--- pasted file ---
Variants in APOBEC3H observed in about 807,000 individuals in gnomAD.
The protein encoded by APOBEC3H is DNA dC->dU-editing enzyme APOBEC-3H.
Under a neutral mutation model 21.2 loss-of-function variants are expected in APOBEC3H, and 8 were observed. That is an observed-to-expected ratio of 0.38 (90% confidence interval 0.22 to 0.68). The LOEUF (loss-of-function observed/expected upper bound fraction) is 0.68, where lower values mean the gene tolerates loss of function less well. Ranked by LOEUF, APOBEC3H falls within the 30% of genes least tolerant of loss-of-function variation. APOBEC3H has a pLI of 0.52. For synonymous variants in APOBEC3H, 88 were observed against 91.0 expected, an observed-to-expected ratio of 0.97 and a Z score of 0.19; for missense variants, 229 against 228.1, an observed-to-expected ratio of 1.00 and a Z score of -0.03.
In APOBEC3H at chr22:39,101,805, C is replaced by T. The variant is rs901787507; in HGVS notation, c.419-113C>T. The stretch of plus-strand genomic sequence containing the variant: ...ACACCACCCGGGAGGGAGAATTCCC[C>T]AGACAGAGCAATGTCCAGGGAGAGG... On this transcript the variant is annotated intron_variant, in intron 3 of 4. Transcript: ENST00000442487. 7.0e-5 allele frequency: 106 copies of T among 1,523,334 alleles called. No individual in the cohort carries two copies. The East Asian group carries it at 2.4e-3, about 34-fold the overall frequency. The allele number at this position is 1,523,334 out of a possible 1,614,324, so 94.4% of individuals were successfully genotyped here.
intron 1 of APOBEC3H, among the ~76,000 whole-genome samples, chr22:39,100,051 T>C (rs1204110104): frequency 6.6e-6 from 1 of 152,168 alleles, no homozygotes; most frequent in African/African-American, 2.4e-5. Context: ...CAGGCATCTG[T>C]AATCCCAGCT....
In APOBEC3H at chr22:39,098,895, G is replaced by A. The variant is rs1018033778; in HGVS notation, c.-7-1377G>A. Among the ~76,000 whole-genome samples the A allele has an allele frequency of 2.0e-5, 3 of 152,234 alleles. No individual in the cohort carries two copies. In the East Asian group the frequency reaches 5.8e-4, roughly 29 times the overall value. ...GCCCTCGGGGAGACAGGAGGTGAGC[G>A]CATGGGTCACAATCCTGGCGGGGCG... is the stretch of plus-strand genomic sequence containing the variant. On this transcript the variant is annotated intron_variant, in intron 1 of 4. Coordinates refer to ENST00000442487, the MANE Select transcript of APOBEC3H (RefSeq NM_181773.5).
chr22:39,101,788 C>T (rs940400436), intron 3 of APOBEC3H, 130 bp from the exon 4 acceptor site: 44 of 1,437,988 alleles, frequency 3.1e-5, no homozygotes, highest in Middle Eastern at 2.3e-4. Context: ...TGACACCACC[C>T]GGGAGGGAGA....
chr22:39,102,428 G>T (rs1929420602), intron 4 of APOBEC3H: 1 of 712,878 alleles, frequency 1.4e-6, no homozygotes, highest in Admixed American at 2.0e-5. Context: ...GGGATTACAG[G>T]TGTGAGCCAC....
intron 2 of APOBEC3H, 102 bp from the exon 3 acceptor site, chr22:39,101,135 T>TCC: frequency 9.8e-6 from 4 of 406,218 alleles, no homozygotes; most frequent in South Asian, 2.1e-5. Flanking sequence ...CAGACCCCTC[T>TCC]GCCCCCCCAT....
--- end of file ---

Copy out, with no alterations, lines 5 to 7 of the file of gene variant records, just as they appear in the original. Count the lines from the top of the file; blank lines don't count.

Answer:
intron 1 of APOBEC3H, among the ~76,000 whole-genome samples, chr22:39,100,051 T>C (rs1204110104): frequency 6.6e-6 from 1 of 152,168 alleles, no homozygotes; most frequent in African/African-American, 2.4e-5. Context: ...CAGGCATCTG[T>C]AATCCCAGCT....
In APOBEC3H at chr22:39,098,895, G is replaced by A. The variant is rs1018033778; in HGVS notation, c.-7-1377G>A. Among the ~76,000 whole-genome samples the A allele has an allele frequency of 2.0e-5, 3 of 152,234 alleles. No individual in the cohort carries two copies. In the East Asian group the frequency reaches 5.8e-4, roughly 29 times the overall value. ...GCCCTCGGGGAGACAGGAGGTGAGC[G>A]CATGGGTCACAATCCTGGCGGGGCG... is the stretch of plus-strand genomic sequence containing the variant. On this transcript the variant is annotated intron_variant, in intron 1 of 4. Coordinates refer to ENST00000442487, the MANE Select transcript of APOBEC3H (RefSeq NM_181773.5).
chr22:39,101,788 C>T (rs940400436), intron 3 of APOBEC3H, 130 bp from the exon 4 acceptor site: 44 of 1,437,988 alleles, frequency 3.1e-5, no homozygotes, highest in Middle Eastern at 2.3e-4. Context: ...TGACACCACC[C>T]GGGAGGGAGA....